“WHEN you get that call, it’s terrifying. You just don’t know what you’re going to face when you get there.”

Those are the words of paramedic Laura Story-Makin from Bostock who is about to head back out on to the front line as the NHS continues to battle the coronavirus pandemic.

“We’re having to be brutal and make difficult decisions about who we will take to the hospital. What we don’t want to do is put an already vulnerable person into a potentially even worse situation,” she says.

The 30-year-old, formerly from Kingsmead, has been a paramedic for four-and-a-half years. She works for the West Midlands Ambulance Service, which serves the Royal Stoke University Hospital, and has always loved her job.

But like many of her NHS colleagues in the current crisis, Laura is fearful for her own health and safety.

“I absolutely love my job, it’s amazing. I have never not wanted to go to, or be in work, but it’s really hard to describe what it’s like just now," she says.

“It’s absolutely relentless, we are so incredibly busy. Everyone I have spoken to on the front line is exhausted, anxious and scared. We all have PPE (personal protection equipment), but you’re always scared in case it’s not good enough.

“You don’t know what’s going to happen, it’s in the back of your mind that you could die from this virus. It’s like no anxiety you could ever imagine, and everyone is feeling it.”

Winsford Guardian: Laura, pictured right, with a fellow paramedic colleague.Laura, pictured right, with a fellow paramedic colleague.

Which is all the more reason for people to stay home as ordered by the Government and to observe the social distancing rules when they have to go out in public.

“It is a horrible, horrible virus and some people just aren’t taking it anywhere near seriously enough,” says Laura.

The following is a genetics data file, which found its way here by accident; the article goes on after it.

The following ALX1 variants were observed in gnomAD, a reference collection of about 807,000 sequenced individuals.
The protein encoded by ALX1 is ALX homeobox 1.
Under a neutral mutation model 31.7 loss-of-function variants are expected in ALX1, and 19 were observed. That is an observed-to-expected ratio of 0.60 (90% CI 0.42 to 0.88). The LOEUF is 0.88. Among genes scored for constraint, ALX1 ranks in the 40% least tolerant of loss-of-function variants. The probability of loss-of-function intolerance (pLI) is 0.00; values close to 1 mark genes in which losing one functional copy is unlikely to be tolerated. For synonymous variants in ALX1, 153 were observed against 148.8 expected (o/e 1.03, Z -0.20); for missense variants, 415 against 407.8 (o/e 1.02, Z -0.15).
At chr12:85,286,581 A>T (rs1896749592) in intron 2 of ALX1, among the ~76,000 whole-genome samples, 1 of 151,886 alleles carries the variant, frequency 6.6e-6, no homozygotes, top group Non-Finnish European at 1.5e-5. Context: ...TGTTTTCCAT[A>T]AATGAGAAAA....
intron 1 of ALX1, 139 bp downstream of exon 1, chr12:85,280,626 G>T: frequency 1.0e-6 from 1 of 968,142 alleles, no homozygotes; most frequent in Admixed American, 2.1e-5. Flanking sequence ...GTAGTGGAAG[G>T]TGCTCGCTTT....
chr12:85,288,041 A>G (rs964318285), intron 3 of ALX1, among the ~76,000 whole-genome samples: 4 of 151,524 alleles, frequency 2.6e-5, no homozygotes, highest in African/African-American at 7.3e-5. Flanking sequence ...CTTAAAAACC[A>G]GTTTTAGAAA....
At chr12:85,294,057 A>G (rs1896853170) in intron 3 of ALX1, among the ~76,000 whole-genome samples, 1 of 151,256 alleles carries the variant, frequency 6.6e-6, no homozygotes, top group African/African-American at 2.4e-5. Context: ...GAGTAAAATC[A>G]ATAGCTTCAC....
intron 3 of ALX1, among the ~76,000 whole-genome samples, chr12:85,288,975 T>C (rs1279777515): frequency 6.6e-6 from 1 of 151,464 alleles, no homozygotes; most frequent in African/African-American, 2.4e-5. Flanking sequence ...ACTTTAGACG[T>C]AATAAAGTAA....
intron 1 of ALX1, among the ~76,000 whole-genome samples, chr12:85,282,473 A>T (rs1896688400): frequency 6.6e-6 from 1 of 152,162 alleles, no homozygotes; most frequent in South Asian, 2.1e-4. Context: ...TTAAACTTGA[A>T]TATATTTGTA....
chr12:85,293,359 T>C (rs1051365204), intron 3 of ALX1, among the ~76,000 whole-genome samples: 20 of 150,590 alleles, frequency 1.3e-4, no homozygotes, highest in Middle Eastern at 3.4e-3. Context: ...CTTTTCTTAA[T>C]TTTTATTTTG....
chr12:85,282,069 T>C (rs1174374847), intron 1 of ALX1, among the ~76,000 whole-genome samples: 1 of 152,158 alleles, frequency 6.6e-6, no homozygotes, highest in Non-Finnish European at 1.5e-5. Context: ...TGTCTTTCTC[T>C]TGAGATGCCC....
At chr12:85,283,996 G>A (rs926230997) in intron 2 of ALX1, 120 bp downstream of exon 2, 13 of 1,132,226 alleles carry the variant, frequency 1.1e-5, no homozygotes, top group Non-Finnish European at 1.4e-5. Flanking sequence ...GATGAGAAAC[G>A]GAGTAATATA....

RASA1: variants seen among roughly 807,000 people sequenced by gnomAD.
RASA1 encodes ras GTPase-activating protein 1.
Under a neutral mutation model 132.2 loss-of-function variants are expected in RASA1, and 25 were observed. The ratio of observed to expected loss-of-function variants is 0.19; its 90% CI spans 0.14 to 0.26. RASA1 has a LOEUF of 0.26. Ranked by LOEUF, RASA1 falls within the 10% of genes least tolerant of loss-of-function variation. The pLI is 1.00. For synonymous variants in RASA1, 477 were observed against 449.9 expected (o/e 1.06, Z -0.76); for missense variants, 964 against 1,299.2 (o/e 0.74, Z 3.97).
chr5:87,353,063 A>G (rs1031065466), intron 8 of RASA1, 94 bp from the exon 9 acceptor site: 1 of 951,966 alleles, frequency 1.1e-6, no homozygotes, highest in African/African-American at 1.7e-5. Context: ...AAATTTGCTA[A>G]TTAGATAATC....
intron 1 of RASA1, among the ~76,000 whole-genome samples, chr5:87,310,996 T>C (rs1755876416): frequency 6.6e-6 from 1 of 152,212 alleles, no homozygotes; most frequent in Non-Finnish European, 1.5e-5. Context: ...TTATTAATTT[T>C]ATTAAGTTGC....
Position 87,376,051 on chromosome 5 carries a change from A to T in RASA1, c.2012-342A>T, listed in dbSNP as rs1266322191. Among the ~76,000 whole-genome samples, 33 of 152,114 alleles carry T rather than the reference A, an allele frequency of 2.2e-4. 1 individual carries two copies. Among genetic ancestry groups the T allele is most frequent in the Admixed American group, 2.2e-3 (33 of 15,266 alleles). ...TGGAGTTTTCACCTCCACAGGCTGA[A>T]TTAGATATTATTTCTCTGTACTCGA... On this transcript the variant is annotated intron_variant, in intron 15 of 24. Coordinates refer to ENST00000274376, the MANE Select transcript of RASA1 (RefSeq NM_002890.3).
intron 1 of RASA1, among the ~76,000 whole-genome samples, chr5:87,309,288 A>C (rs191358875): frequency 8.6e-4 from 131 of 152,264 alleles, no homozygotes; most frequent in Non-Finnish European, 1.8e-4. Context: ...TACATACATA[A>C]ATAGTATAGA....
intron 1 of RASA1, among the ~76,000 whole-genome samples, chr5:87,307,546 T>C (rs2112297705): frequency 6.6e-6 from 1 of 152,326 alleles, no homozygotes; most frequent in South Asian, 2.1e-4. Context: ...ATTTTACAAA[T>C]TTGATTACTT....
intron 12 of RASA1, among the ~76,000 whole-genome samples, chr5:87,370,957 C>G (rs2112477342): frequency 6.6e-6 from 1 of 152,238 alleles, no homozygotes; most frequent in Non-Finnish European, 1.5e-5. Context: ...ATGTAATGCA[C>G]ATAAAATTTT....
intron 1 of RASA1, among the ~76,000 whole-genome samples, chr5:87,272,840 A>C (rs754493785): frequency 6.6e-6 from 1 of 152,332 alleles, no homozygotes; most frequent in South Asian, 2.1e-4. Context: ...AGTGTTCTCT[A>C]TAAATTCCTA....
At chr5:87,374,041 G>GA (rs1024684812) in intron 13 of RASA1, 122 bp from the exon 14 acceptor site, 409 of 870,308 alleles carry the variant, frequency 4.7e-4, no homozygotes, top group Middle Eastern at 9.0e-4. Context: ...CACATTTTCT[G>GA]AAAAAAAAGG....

“You don’t know if you’re going to get ill, you don’t know if you’re going to die, and I think unfortunately for some people, it’s going to take one of their loved ones dying to make them realise.”

Laura says public support has been a huge boost for her and her colleagues during this unprecedented time.

“We’ve chosen this career, we’ve trained to save lives, it is our job but it is exhausting and relentless right now.

“The Clap for Carers was overwhelming. The response was amazing – it was a boost that was really needed. It gave me goose bumps.”

Despite working 12 hour shifts ­‑ four days on, four days off - and forgoing her forthcoming annual leave with her husband Jack to support her colleagues, Laura still counts herself lucky. 

And like so many in the caring profession she’s concerned about the mental health impact that will unfold during this crisis.

“I’m actually very lucky. I’ve got a job, I’ve got money, I'm safe in that respect. I can get out and walk my dog Molly. Some people don’t have any of this now and I worry about the mental health impact of this ­– I think we could see a lot of suicides.”

If Laura has one message to the public, it’s to stay safe and observe the social distancing rules.

“We need everyone to follow these rules to give us a chance of fighting this virus. The rules are for a reason – to help us save lives.”